Q. What causes small little bumps (we might even call them pimples) that we can see in our gloss finish of veneer wrapped over MDF? They are hard to feel with our hand, but are real obvious by eye. When we examine the pimple, we find that the veneer seems really thin at that spot and the MDF core is right below the surface. (The note included more info on laminating and finishing.) We have done this veneering and finishing for quite some time and only now are we seeing the problem.
A. What is happening is that the MDF core material has some compressed wood at the surface. This compressed wood will, especially if there is any moisture present, “uncompress” or develop into a pimple on the surface, over time. As you state, it is hard to see or feel these in the final product. With the MDF, before the veneer is applied, the bumps would be really hard to detect.
After applying the veneer to the MDF core with pimples and then sanding the veneered panel to get the final smooth flat surface, everything will appear OK. However, wherever there is a pimple in the MDF, the veneer will be raised. Now when sanding the panel prior to finishing, there would have been a lot of the veneer sanded off right at the pimple (that is, the veneer would now be thin) and the MDF would be close to the surface. Now, when we use a waterborne stain, the moisture that goes into the MDF in these “thin” spots causes the MDF to swell a little bit in these localized spots. This swelling will show up as a bump or pimple in the finish.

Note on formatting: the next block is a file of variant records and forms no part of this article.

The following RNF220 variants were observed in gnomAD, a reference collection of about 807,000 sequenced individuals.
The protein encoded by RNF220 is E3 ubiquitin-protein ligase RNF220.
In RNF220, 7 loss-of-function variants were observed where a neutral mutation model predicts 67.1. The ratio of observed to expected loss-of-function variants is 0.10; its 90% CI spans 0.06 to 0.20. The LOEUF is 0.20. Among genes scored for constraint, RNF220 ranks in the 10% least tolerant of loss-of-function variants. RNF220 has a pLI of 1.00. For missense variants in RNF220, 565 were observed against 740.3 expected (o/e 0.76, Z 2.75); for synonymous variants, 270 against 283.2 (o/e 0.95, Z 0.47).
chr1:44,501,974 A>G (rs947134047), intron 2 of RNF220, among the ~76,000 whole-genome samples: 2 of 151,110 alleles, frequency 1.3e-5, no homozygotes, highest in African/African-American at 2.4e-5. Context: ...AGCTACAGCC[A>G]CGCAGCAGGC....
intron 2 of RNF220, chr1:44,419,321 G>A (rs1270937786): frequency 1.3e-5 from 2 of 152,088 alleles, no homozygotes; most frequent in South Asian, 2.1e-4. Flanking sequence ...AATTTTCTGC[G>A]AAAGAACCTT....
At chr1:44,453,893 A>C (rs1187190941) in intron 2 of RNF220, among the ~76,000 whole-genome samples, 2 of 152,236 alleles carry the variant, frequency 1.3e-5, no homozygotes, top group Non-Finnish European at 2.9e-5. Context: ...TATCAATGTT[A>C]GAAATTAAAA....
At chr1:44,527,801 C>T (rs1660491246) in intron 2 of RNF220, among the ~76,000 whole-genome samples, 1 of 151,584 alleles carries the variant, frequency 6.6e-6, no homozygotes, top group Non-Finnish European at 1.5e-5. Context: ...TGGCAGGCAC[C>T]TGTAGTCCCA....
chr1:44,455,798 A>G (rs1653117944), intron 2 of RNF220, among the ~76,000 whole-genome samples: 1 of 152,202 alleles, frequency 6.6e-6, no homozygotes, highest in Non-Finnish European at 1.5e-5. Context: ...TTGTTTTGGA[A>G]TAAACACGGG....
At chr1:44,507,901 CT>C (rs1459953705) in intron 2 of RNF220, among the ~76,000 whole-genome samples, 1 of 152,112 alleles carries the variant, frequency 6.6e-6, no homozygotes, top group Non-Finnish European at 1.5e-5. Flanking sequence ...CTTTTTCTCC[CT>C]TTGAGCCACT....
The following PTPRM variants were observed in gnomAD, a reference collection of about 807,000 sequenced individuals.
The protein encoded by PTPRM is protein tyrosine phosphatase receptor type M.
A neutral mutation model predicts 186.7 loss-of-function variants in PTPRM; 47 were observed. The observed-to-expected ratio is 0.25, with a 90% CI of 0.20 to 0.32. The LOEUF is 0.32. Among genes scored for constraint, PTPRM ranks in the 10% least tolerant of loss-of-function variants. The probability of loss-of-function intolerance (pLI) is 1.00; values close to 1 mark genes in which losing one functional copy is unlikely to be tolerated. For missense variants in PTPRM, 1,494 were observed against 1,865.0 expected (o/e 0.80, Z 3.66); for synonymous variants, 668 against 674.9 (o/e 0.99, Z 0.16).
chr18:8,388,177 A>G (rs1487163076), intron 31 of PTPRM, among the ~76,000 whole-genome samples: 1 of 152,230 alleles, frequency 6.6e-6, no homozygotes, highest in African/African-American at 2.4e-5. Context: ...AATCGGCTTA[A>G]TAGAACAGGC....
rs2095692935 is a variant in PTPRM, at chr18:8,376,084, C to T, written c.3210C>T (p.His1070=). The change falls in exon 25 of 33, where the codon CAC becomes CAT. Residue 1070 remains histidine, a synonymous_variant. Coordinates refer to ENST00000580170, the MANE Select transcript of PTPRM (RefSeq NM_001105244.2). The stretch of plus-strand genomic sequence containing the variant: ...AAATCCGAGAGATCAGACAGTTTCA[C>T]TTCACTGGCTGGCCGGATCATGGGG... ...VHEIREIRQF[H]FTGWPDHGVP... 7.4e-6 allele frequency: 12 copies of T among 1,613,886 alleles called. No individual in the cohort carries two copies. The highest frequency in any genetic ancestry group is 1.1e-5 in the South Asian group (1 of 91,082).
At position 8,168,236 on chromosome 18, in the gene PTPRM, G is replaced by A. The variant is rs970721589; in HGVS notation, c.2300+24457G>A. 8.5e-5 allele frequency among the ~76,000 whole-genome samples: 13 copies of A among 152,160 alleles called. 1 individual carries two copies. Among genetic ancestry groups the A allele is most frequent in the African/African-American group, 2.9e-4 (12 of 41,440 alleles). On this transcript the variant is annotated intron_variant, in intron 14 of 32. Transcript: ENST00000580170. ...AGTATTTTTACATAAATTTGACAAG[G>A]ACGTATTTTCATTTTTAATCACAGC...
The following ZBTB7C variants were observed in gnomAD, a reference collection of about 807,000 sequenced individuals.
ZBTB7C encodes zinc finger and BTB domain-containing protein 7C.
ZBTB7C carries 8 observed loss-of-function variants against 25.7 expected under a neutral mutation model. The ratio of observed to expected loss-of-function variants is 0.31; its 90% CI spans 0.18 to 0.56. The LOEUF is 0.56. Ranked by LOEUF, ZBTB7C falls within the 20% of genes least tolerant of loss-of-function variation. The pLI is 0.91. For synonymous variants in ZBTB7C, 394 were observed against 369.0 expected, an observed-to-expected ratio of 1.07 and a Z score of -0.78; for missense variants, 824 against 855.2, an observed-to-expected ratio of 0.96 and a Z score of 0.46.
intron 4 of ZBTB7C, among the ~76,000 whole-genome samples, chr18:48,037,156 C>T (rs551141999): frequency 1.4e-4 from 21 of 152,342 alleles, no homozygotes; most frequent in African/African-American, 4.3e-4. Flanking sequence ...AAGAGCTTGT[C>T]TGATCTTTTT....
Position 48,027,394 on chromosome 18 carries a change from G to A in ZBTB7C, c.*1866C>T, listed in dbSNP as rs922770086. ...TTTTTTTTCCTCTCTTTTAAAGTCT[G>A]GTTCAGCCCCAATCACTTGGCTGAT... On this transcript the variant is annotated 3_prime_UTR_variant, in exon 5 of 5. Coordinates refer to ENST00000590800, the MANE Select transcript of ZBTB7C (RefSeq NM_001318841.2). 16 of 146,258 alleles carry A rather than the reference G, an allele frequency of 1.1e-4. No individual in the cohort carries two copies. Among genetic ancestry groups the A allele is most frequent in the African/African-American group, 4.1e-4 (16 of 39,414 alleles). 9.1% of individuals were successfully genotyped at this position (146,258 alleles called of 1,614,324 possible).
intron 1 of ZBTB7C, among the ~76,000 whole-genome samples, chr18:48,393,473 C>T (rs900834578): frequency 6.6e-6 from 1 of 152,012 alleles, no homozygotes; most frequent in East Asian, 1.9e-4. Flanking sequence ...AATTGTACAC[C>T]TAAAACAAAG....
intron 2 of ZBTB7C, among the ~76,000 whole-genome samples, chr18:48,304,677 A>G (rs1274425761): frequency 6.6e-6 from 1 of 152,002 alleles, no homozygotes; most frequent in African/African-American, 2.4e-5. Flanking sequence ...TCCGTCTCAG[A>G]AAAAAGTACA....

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The cure is in the manufacturing of the MDF. Although the waterborne finish, which is so common today and must be considered by all manufacturers, is part of the scenario, to blame the WB finish is like blaming the hard ground for causing the sudden stop when you jump out the fifth floor window. Without the waterborne finish, the bumps might not have been as dramatic and would not have showed up promptly after finishing, but would eventually show up later in the customer’s home or office.
Incidentally, we see the same pimples when using a solid wood core with a veneer lamination and even with solid wood itself. In this case, the wood was planed smooth using an inadequate dust system. The chips hung on the knives and compressed localized areas when they rubbed on the surface of the wood. Although the surface can be sanded smooth, the compressed areas were too deep to be sanded off and so they will pop up later, especially with moisture.


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